The native people whose ancestors settled the forests of Vex thousands of years ago believe that the mighty River Fleuve is a blood vein of the very planet itself. They say that in the beginning of all things, it cut a path into the very heart of the world, where the gods had imprisoned a beast with no name. This, they say, is how light came to the world and how the stars came to be in the sky, a gift of the River Fleuve and a terrible curse.
When colonists began to arrive, cutting away at the forests of Vex and planting their towns on the banks of the River Fleuve, they placed little stock in the ancient superstitions of the natives. They took a practical approach to the river. Wide and more than three hundred meters deep for much of its length, it provided an ideal shipping channel into the depths of the continent.
Probing the river’s mysterious depths was little more than a commercial enterprise, and since it did not guarantee its explorers profitable results, few were interested in such a costly adventure. The surface of the River Fleuve was predictable and useful. That was all that mattered.
Marta Beeches was the only child of a colonist family. Her father owned great stocks of lumber, which when cleared away and sold provided thousands of acres of open land for his plantations. Her mother taught language and home skills to the native people, helping them become better laborers and domestic servants. Marta’s parents had come to the forests of Vex when she was quite young and she had grown into a strong, venturesome youth on the river’s banks.
She liked to listen to the sounds that the water fowl made on the river at night. This love often drew the fifteen-year-old out of bed in secret to sit and admire the Fleuve as it drifted peacefully by through the wee hours of the morning. On the night the natives fled Beeches Landing in anticipation of its destruction, they said they felt the coming disaster like the tone of a drum on the wind.
Marta opened one eye slightly and peered at the river. From where she lay dozing with her back comfortably resting against a tree trunk, she could see the blood-red reflection of the moon on the dark water. It was not a sound that had awoken her but the silence. Her beloved birds had gone silent, occasionally murmuring apprehensively from the reeds the lined the banks before quieting themselves.
Opening her eyes and sitting up straight, resting her hands on her bare knees, Marta watched the water curiously. The River Fleuve seemed to flow past her with a foreign sense of urgency that at once startled her and piqued her interest. As she stood up, she caught sight of the silvery backs of fish reflecting against the moonlight as they swam hurriedly downstream.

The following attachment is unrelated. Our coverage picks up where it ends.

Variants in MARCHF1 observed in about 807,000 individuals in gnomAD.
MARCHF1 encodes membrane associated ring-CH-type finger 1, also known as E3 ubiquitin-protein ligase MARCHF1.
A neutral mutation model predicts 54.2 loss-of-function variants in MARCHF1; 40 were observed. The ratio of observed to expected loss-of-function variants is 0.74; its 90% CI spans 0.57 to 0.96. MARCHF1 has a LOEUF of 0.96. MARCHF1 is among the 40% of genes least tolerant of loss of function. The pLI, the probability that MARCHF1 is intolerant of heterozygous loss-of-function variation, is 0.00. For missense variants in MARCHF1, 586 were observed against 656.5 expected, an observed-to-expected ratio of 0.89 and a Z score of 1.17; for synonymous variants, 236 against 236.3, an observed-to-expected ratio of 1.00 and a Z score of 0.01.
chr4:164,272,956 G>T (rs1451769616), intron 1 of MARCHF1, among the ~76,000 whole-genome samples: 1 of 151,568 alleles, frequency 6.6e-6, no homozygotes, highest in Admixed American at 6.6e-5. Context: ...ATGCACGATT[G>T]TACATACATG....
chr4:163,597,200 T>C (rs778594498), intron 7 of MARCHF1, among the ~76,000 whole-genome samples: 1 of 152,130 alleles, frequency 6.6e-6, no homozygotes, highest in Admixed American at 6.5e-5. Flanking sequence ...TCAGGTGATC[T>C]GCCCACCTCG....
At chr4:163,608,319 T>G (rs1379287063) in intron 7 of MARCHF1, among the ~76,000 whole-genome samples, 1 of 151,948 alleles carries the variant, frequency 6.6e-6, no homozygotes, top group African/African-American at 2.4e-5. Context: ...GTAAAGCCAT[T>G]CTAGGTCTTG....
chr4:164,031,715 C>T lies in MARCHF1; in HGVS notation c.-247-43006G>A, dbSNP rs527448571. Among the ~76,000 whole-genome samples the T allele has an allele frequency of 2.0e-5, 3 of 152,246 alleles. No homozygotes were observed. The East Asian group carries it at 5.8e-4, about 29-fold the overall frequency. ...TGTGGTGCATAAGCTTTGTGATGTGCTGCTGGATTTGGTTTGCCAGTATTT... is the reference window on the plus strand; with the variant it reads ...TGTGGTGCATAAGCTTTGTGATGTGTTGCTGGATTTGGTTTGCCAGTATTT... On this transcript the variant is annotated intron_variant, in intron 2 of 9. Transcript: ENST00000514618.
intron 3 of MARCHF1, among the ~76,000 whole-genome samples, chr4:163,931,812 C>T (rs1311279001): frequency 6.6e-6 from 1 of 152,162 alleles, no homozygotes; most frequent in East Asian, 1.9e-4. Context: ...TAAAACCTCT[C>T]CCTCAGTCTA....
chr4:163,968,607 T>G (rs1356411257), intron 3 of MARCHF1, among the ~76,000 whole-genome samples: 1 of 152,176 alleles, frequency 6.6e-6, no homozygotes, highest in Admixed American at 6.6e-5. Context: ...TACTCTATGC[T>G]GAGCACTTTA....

Suddenly, the backs of a very different animal broke the surface. She had heard tales of the creature known as the saba rundi, or water wolf, but had never seen one herself. Here before her eyes, a whole pod of the crocodilian mammals—hairy, amphibious relatives of whales; blew water from their blow holes as they cruised downriver.
Then the night grew still once more. The dark, clear water hardly seemed to stir and nothing moved beneath its surface, as if every living thing in those depths had fled. Marta furrowed her brow and took a step closer to the edge, peering into the river as if her searching eyes could command it to answer her questions. What appeared before her instead only raised more.
The lights upstream caught her attention only when she realized to her surprise that they were moving and not the stars reflected in the water. Hundreds, perhaps thousands, of the tiny points of light moved beneath the surface. They flowed in irregular ways in the depths of the river, sometimes rising higher, stretching out in long nebulae-like columns that resembled thick, disorganized arms.
Marta had seen displays of light very much like this before. When she was a young girl on the voyage that took her across the sea, the prow of their steamship would excite tiny creatures in the water at night. The phosphorescent plankton put on brilliant light shows when disturbed, glowing intense and spiraling greens, golds, and even purples. At first, she believed this to be what she was seeing in the river. As she watched, however, she decided that the movements of the lights beneath the water were too organized and consistent to be agitated animalcules.
The lights stretched and sought, moved, gathered and dispersed but never faded and seemed to travel as one. Marta’s growing suspicion told her that this was a single create, one of grand scale, whose appearance beneath the water and very nature was a complete mystery to her.